But what’s does this have to do with how weight lifting builds confidence?
Well, Each time you lift a heavy weight, squat, bench or deadlift, you are exposing yourself to potential danger.
Exposure is what builds confidence.
Because when you expose yourself to a heavy weight or a new exercise, your amygdala gets activated.
It’s sensing danger.
When you move the weight successfully with good form, you teach your amygdala that this is safe for you to do.
Safe enough anyway.
When you do a heavy weight, for multiple reps for multiple sets you are exposing your lizard brain to risk. With each successful rep and each successful set, you reinforce that “this is safe for you to do.” This is something that you can’t directly control because it’s a flight of fight response that mostly unconscious.
It’s a feeling.
And you can’t will yourself to change how you feel, unless you experience it in a way that builds confidence.
that’s worth repeating – unless you experience in a way that builds confidence
You have to feel that fear, face that discomfort multiple times, until it becomes less uncomfortable.
And that’s where confidence comes from. It comes from experiencing that what you’re doing is safe with in your capabilities.
As you push further and further outside edge of your ability the lizard brain starts to get agitated.
What makes weight training so effective in building confidence is that you’re able to choose the exact level in which you approach that agitation.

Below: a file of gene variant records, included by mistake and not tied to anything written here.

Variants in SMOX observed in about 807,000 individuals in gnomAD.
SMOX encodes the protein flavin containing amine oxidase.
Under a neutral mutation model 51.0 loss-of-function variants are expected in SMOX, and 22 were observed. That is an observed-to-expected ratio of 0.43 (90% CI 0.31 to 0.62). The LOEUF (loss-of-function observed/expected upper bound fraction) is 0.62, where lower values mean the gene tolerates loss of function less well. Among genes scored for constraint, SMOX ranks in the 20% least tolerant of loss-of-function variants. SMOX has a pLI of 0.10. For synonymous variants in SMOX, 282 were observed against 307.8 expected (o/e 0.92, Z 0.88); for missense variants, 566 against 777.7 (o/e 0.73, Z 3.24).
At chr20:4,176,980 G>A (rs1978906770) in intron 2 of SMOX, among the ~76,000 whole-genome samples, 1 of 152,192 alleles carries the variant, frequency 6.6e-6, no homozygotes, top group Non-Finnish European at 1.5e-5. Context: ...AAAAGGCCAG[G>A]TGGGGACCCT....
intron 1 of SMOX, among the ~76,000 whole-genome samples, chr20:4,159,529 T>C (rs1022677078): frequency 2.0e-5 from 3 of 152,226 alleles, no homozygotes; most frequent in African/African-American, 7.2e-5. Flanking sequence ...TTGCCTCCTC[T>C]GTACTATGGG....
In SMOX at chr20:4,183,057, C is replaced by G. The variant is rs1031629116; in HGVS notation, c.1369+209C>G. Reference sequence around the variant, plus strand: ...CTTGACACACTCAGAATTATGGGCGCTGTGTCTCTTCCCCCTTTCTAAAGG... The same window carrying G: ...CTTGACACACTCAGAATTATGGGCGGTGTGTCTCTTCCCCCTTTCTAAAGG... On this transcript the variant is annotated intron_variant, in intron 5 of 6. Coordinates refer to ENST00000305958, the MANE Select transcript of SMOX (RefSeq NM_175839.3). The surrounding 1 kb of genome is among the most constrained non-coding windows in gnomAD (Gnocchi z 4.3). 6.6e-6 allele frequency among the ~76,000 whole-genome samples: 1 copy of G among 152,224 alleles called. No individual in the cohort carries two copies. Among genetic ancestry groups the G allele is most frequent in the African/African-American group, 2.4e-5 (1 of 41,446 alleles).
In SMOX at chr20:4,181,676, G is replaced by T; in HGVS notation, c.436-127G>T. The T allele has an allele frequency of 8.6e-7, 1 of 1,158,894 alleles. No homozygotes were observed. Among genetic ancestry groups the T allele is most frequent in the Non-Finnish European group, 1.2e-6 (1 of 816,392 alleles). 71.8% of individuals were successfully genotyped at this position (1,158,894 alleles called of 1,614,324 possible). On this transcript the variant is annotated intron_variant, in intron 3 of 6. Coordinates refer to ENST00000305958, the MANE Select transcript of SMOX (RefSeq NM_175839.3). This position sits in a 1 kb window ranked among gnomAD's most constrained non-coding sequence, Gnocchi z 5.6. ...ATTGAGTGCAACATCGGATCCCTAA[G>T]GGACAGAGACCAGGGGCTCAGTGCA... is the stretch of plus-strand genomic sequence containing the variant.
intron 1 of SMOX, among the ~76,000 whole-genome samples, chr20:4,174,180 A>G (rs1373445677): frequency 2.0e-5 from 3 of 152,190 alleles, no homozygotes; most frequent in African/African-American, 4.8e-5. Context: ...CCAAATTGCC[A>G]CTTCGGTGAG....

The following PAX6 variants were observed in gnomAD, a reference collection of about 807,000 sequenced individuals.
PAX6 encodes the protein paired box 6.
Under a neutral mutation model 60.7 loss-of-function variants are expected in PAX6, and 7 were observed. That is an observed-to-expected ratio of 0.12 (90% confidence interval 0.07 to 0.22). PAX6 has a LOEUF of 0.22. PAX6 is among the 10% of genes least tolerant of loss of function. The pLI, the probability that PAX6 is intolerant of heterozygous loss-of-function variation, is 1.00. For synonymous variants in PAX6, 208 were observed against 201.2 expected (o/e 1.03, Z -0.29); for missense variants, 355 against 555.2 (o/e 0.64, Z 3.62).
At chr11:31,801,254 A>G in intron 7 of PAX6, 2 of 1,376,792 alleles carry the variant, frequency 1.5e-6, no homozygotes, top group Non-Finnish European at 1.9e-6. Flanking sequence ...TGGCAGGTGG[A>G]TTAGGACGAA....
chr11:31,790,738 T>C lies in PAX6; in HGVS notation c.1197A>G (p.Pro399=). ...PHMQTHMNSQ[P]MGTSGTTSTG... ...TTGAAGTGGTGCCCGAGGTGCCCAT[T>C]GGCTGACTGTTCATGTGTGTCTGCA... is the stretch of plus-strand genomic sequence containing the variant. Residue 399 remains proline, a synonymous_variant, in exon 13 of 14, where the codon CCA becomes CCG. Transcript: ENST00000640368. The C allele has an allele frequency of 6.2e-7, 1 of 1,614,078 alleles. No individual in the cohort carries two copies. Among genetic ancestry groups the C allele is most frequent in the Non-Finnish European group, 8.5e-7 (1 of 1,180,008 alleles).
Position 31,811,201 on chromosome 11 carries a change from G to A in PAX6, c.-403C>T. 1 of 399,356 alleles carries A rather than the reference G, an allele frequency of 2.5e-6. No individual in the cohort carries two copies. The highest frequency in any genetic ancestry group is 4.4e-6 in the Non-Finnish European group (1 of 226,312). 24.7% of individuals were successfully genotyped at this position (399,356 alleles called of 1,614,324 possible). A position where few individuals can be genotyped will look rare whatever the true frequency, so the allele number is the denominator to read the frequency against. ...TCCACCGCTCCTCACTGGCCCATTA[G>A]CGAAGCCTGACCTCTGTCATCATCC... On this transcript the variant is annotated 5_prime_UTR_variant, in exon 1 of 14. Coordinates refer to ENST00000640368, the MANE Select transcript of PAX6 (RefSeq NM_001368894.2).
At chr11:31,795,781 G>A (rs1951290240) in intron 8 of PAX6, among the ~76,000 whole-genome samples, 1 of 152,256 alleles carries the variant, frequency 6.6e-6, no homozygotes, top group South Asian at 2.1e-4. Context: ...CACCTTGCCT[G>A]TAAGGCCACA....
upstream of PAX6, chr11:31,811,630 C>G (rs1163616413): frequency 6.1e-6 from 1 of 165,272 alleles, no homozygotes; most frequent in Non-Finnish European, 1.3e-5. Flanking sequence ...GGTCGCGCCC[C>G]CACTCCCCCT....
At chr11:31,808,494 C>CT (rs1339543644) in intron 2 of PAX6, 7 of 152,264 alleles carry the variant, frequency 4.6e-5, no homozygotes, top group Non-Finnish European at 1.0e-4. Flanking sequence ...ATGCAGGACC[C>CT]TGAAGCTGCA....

An exact amount of weight.
An exact number of sets.
An exact number of reps.
You get the satisfaction of accuracy. An exact measurement for how much you pushed through that fear.
Certainty breeds confidence
Your comfort zone expands and Your limit increases
Each workout builds upon the next, you get stronger workout after workout.
Week in and week out. Months go by and before you know it you’re lifting personal best 1 rep max for multiple reps.
You Grin with satisfaction , almost laughing at the fact that the weight you use to dread you can now lift with zero self doubt because you’ve become unstoppable
You do not think you’re stronger
You actually are stronger
Heavy weight training has change my life in a way you cannot imagine.
If you’re not already training, seriously consider it. And if you are lifting already, consider taking it to the next level.
Better than any pill I’ve tried, it’s the best anti-depressant.
I hoped you enjoyed reading this article as much as I enjoyed making it for you.
This article is for you because you’ve made it this far. So few people ever will read this far down. So this is a genuine thank you.
And if you’ve ever dealt with Shyness or Social Anxiety I highly recommend you check out Sean Cooper’s System.
It’s something I’ve been using and it’s been helping me a ton. I have a mastermind event I have coming up and I need to socialize and make connections with people.
This is not easy for me to do so that’s why I reached out Sean.
This is not a paid endorsement, but it is an affiliate link. So if you decide to get the program it helps me out.
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Thanks for Reading.